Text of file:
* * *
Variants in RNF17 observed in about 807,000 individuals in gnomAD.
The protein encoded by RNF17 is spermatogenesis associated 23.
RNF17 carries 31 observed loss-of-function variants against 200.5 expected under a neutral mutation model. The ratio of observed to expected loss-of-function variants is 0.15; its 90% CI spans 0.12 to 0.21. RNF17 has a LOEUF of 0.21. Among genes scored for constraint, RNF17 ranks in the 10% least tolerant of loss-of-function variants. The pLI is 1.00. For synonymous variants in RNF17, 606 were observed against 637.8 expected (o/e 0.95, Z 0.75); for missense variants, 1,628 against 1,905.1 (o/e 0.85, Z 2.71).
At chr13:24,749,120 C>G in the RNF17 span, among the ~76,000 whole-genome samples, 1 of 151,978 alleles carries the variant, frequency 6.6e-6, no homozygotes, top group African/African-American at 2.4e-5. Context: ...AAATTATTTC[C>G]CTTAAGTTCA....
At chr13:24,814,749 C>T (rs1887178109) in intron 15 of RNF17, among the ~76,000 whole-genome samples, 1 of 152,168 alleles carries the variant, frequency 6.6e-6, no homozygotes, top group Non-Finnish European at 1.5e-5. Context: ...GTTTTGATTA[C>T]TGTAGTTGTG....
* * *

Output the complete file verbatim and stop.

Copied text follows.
Variants in RNF17 observed in about 807,000 individuals in gnomAD.
The protein encoded by RNF17 is spermatogenesis associated 23.
RNF17 carries 31 observed loss-of-function variants against 200.5 expected under a neutral mutation model. The ratio of observed to expected loss-of-function variants is 0.15; its 90% CI spans 0.12 to 0.21. RNF17 has a LOEUF of 0.21. Among genes scored for constraint, RNF17 ranks in the 10% least tolerant of loss-of-function variants. The pLI is 1.00. For synonymous variants in RNF17, 606 were observed against 637.8 expected (o/e 0.95, Z 0.75); for missense variants, 1,628 against 1,905.1 (o/e 0.85, Z 2.71).
At chr13:24,749,120 C>G in the RNF17 span, among the ~76,000 whole-genome samples, 1 of 151,978 alleles carries the variant, frequency 6.6e-6, no homozygotes, top group African/African-American at 2.4e-5. Context: ...AAATTATTTC[C>G]CTTAAGTTCA....
At chr13:24,814,749 C>T (rs1887178109) in intron 15 of RNF17, among the ~76,000 whole-genome samples, 1 of 152,168 alleles carries the variant, frequency 6.6e-6, no homozygotes, top group Non-Finnish European at 1.5e-5. Context: ...GTTTTGATTA[C>T]TGTAGTTGTG....